Can I go back to the gym?

 Gym

I mentioned in my recent post about Yoga that I recently had a free 14-day pass to a David Lloyd gym.

I’ve taken every opportunity to use it as much as I can and do things I’ve not done before. I’ve done fancy spinning with an immersive screen, hot yoga, normal yoga and pilates.

This place is nice. It has 8 indoor tennis courts, outdoor courts, indoor and outdoor swimming pools, Pilates studio, Yoga studio, steam room, sauna, immersive spinning studio, café (with beer) and all the other gym stuff. It’s clean and generally pretty swanky. This obviously comes at a price. A fairly hefty monthly price.

Over the trial period, I haven’t gone to my usual BMF classes and I haven’t been running. I’ve missed both of these even though the nights have drawn in and got colder and wetter.

As I mentioned in my post about British Military Fitness (BMF), I have tried gyms before and have rarely enjoyed them unless I have had a specific event to train for. I have managed to avoid the standard thing of going for a month and then not going for the next 11 months, by either paying monthly or using guest passes.

If you have read the BMF post, you will garner that I quite like it. The success of BMF is that it appeals to people who don’t like gyms for whatever reason and you “kind of” get your own personal trainer (that you share with others).

I also run independently of the BMF sessions, and as useful as treadmills can be for winter marathon training and pace setting, they don’t replace getting outside and running in the great outdoors. There is always somewhere to run, and if you look hard enough, somewhere beautiful or interesting to run and even someone to run with.  There are lots of free run clubs out there.

So if I go back to the question I posed at the top. Can I go back to the gym?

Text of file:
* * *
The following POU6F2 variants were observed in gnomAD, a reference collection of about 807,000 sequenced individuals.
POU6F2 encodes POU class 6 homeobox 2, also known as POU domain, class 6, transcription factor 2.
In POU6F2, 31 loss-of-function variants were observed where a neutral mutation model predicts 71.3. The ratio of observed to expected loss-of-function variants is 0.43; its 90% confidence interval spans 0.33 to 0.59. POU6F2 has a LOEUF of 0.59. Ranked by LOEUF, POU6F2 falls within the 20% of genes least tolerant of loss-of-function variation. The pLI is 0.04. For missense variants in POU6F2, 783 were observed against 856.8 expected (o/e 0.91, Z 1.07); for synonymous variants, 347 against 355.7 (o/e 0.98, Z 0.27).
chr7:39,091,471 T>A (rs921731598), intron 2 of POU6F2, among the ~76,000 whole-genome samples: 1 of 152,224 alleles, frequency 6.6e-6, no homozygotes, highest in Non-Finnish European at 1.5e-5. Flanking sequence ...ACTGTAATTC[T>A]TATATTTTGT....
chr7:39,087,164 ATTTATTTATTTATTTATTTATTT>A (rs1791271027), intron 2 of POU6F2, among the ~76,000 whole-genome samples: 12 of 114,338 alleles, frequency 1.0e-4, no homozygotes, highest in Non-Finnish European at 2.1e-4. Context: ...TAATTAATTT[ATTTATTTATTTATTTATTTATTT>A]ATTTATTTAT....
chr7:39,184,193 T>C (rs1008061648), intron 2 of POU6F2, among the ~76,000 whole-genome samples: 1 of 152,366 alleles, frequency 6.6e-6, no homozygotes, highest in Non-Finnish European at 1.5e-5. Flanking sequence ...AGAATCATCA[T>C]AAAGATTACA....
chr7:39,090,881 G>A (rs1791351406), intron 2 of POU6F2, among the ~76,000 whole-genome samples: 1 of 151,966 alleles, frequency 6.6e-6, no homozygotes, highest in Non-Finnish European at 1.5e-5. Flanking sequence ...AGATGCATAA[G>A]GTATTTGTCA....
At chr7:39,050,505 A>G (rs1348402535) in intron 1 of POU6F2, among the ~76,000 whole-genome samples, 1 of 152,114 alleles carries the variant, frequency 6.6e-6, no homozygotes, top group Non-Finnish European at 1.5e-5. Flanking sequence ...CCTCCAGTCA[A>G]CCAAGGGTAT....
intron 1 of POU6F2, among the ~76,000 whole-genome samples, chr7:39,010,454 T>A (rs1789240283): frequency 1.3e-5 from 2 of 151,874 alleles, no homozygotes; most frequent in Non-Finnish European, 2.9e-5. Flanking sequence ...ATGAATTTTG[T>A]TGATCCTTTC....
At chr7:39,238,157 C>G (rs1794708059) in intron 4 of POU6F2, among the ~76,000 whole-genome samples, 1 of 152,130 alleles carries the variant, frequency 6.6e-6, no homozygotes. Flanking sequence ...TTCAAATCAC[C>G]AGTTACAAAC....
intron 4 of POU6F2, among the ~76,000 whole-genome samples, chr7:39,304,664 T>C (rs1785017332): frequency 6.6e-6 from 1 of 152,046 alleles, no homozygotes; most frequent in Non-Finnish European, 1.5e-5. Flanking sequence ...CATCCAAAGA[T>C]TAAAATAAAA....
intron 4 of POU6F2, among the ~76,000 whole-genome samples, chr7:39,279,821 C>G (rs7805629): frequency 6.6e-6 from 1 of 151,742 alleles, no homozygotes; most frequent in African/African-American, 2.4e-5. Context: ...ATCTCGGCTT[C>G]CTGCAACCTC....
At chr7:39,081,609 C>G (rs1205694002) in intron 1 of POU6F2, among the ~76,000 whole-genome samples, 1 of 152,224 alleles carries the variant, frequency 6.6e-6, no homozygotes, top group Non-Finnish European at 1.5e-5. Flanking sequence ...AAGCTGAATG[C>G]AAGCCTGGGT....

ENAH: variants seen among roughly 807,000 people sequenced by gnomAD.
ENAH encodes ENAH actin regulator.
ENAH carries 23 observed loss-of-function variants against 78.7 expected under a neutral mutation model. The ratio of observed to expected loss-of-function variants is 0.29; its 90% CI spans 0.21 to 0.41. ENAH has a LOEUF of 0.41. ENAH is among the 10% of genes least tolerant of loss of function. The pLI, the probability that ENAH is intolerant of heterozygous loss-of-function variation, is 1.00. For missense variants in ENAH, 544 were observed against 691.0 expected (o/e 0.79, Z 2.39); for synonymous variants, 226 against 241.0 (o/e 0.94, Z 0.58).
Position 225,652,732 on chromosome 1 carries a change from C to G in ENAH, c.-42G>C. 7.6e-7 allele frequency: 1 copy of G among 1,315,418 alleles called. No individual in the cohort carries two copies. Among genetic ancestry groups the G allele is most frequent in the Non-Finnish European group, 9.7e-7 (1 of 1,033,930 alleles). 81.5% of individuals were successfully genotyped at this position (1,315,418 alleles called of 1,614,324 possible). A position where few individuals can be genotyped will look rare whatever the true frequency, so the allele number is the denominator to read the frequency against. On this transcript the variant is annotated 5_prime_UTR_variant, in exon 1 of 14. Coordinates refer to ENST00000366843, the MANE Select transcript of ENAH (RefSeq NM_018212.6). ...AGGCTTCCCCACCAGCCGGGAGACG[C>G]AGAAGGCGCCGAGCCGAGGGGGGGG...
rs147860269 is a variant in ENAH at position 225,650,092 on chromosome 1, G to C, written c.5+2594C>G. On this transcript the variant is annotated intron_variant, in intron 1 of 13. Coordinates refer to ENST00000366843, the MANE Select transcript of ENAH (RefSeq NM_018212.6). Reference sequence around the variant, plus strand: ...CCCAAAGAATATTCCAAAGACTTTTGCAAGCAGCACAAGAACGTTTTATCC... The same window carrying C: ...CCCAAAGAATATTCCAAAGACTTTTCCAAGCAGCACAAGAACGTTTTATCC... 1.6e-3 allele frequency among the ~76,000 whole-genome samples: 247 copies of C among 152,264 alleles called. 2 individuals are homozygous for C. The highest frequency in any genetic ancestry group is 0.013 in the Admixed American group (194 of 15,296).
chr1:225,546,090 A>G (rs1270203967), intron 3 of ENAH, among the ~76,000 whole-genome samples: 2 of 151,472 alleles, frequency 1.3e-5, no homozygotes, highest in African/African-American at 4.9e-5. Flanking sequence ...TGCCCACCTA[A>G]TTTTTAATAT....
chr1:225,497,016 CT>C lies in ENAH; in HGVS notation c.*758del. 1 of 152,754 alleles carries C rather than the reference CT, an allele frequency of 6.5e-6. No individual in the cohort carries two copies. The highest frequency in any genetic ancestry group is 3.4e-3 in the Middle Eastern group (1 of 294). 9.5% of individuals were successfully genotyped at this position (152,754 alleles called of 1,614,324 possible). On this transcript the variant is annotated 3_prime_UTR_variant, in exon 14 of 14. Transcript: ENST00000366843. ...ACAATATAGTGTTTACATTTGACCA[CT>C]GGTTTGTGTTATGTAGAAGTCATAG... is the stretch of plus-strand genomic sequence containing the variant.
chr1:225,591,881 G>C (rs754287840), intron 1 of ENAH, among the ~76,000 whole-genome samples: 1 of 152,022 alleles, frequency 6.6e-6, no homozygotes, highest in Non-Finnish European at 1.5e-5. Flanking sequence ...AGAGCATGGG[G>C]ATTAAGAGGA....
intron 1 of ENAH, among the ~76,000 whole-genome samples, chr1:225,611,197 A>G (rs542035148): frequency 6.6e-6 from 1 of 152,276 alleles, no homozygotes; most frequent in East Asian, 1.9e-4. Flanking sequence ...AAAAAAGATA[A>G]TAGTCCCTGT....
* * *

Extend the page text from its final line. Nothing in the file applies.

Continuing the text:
FOR THE GYM
  • It’s winter! As much as I get a kick out of going out in the dark, cold, rainy night – it can be trying. That Daley Thompson analogy about training of Christmas Day comes to mind.

“The only way to make a difference is to be different and do what the others are not doing ………  I train twice on Christmas Day because I know the others aren’t training at all, so it gives me two extra days”

Yes you get a workout, and you feel great afterwards, but in the pitch black of park you have little idea where you’re going, (I wear glasses so I’m mainly surviving on my Spidey senses) you have no idea what you are rolling around in, (let’s not even go there) there are stags roaming around chasing the lady deer. It just all feels a little bit nuts.

  • I want to improve my swimming. I wasn’t a bad swimmer in my younger years (I still have a few club records – sorry no internet proof of this, you will have to trust me) and know the very specific nature of swimming (how often do you go around swirling your arms over your head continuously). The gym will allow me to work on this.
  • I want to give tennis a bash. I’m not sure how that will go, but hey, why not! I can also play badminton. My girlfriend seems to think she will wipe the floor with me, so we’ll find the answer to this conversation.
  • I frickin’ love saunas. Not the general nakedness and sweatiness. There are varying opinions on whether saunas aid recovery, but after a workout (or even not after workout) it just feels good. Maybe it’s a placebo effect of getting really hot and sweaty that makes you feel you have worked out harder that you actually did.
  • I’m cycling more so I’m still able to get my outdoor rush.
  • There are still lots of classes I would like to try.
  • My girlfriend is already a member so this is something we can do together.
  • Did I say it is really nice!
AGAINST THE GYM
  • I just don’t want to be one of those “gym” people. I know this sounds like a very ambiguous and slightly pretentious statement. We could go into a deep dive about what everyone dislikes about gyms, but, I think I’ve found the things I love in BMF, running and cycling. Swimming would be the only thing missing.